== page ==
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Gomer Pyle, a gas station attendant from Mayberry, NC, enters the Marines and joins other misfits under the command of Sergeant Carter.
Release Date: 26-JUN-2007
Media Type: DVD
Thanks (but no thanks) to Full Metal Jacket, the name of "Gomer Pyle" is associated with a demented, suicidal screw-up. That's not the Gomer (Jim Nabors) we know and love! Sure, our Gomer may be, in the mentoring words of his bellowing Sgt. Carter (Frank Sutton), a "lunkhead," "yo-yo," "knucklehead," and "meatball," who invariably "pulls some beauts." But his heart is always in the right place, as in the episode "PFC Gomer Pyle," in which the newly promoted Private First Class unwittingly cancels Carter's Hawaiian furlough thinking it is a request for a permanent transfer. Our Gomer is unfailingly honest. In "Gomer and the Phone Company," he is arrested for trying to put back ill-gotten money he received from a malfunctioning pay phone. And, our Gomer is forthright, as in "Gomer and the Beast," in which he stands up to a feared, abusive sergeant (guest star Michael Conrad) who takes his waitress girlfriend for granted.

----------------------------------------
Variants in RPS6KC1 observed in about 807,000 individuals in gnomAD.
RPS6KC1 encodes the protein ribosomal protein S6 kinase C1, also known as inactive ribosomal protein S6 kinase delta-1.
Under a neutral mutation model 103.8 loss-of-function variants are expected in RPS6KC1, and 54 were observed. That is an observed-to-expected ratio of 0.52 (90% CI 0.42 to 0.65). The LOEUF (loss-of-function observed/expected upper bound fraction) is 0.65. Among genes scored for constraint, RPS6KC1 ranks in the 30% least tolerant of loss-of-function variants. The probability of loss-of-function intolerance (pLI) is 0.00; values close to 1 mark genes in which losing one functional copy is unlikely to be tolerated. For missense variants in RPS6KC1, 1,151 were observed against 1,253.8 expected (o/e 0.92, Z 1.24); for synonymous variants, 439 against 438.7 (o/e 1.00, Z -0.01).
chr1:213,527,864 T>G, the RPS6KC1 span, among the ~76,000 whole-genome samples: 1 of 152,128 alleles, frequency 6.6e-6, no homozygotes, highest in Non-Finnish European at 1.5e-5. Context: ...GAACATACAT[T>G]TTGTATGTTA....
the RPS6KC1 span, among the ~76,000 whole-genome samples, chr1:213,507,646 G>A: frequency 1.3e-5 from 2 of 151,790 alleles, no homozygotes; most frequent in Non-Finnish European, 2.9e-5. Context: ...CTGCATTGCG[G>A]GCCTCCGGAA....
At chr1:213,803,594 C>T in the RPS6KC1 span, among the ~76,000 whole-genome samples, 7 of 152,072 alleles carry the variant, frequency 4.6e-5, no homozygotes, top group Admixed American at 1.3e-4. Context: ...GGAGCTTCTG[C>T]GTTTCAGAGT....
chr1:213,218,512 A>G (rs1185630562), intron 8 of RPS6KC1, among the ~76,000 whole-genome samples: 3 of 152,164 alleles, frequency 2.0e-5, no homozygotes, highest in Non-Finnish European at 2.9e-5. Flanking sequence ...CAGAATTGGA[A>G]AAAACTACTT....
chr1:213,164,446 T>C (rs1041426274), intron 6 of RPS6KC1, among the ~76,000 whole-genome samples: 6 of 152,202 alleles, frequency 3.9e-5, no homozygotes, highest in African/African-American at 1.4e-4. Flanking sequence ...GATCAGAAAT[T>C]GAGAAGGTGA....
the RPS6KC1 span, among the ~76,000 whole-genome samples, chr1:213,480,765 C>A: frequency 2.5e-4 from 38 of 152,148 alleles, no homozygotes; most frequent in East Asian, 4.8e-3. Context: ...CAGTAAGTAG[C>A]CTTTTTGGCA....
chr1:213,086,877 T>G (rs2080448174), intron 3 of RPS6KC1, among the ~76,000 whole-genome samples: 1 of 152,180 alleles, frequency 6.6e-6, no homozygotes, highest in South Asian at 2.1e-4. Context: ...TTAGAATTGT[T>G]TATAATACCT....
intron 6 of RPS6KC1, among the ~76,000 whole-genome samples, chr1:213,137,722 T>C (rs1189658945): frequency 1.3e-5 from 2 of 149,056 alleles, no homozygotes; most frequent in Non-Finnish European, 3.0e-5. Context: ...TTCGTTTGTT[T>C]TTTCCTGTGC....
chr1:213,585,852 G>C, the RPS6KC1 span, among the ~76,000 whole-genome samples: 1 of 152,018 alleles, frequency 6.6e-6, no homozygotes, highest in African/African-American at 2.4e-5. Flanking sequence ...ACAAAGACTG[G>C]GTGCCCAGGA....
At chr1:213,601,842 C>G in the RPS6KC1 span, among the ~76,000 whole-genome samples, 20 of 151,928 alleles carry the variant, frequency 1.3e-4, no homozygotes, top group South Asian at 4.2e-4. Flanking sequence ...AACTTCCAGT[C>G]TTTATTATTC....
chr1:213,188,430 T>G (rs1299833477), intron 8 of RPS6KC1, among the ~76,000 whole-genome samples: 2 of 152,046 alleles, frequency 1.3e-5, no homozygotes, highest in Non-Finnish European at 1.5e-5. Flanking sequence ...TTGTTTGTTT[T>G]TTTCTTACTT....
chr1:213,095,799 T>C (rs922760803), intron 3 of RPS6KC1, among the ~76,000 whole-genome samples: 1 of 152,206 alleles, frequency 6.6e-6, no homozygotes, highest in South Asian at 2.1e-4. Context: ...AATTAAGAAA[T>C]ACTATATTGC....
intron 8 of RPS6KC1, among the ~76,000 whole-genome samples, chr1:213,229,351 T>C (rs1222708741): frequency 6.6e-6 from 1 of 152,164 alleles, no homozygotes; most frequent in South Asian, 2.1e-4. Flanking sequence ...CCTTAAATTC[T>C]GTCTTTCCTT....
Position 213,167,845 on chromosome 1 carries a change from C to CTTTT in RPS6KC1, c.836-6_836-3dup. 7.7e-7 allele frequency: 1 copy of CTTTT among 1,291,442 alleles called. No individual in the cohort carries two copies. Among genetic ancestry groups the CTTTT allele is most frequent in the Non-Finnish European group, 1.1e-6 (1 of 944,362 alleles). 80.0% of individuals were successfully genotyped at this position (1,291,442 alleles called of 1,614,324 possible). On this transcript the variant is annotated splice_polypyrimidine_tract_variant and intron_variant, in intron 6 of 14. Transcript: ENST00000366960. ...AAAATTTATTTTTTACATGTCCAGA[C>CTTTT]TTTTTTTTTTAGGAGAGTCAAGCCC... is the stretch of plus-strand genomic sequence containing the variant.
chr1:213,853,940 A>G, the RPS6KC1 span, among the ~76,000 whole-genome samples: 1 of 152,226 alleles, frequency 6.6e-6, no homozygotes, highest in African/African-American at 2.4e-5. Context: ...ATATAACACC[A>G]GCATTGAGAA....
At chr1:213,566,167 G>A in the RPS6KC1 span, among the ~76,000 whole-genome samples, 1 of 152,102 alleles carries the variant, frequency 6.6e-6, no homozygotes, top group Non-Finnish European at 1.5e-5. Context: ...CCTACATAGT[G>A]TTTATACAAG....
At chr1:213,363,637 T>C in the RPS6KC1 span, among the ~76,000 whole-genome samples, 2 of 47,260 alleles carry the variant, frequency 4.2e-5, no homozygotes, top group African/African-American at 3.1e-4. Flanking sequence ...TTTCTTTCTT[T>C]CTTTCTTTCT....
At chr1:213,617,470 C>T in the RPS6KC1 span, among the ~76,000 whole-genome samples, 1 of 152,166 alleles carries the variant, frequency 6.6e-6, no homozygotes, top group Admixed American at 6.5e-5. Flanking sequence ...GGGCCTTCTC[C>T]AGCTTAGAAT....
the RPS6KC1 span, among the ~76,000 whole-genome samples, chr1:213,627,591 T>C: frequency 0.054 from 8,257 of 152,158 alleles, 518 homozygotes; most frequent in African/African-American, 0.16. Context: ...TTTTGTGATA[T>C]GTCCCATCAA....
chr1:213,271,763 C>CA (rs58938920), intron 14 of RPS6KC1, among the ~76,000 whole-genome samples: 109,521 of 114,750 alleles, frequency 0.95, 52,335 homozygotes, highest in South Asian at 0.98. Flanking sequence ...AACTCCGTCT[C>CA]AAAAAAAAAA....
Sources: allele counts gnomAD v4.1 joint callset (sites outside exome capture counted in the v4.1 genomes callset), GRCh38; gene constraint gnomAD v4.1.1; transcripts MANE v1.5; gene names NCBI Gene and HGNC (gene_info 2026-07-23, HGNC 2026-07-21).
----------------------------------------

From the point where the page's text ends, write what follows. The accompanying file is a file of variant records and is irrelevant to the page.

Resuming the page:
Gomer Pyle U.S.M.C., a spinoff of The Andy Griffith Show, was one of the "surprise, surprise, surprise" hits of its day. In this second season (its first in color), it ranked second to Bonanza in the Nielsen ratings. That Nabors and Sutton were never even nominated for Emmys is a TV Land injustice. Nabors, especially, finds new music in what could have been a one-note bumpkin character (he even demonstrates his unexpected baritone singing voice in "Arrivederci, Gomer"). Providing expert support are Ted Bessell (That Girl) and Ronnie Schell (who demonstrates his standup comedy chops in "Duke Slater, Nightclub Comic") as Gomer's Marine buddies. Look sharp for two future "i"M*A*S*H stars, Jamie Farr in "Gomer Pyle, P.O.W." and, in a couple of episodes, William Christopher. Making welcome visits from Mayberry are George Lindsay in the mistaken-identity episode, "A Visit from Cousin Goober," and Ron Howard in "Opie Joins the Marines," in which Carter bonds with the runaway Opie and, movingly, hints at a less than nurturing relationship with his own father. "The world has changed a lot since I was a kid," he remarks when Andy (Andy Griffith) arrives to retrieve his son, and puts a reassuring arm around the boy's shoulder. Television has changed, too, in the more than 40 years since these still funny episodes were first broadcast. Prime time could use another Gomer, with his boundless optimism, unwavering character and try, try again attitude. --Donald Liebenson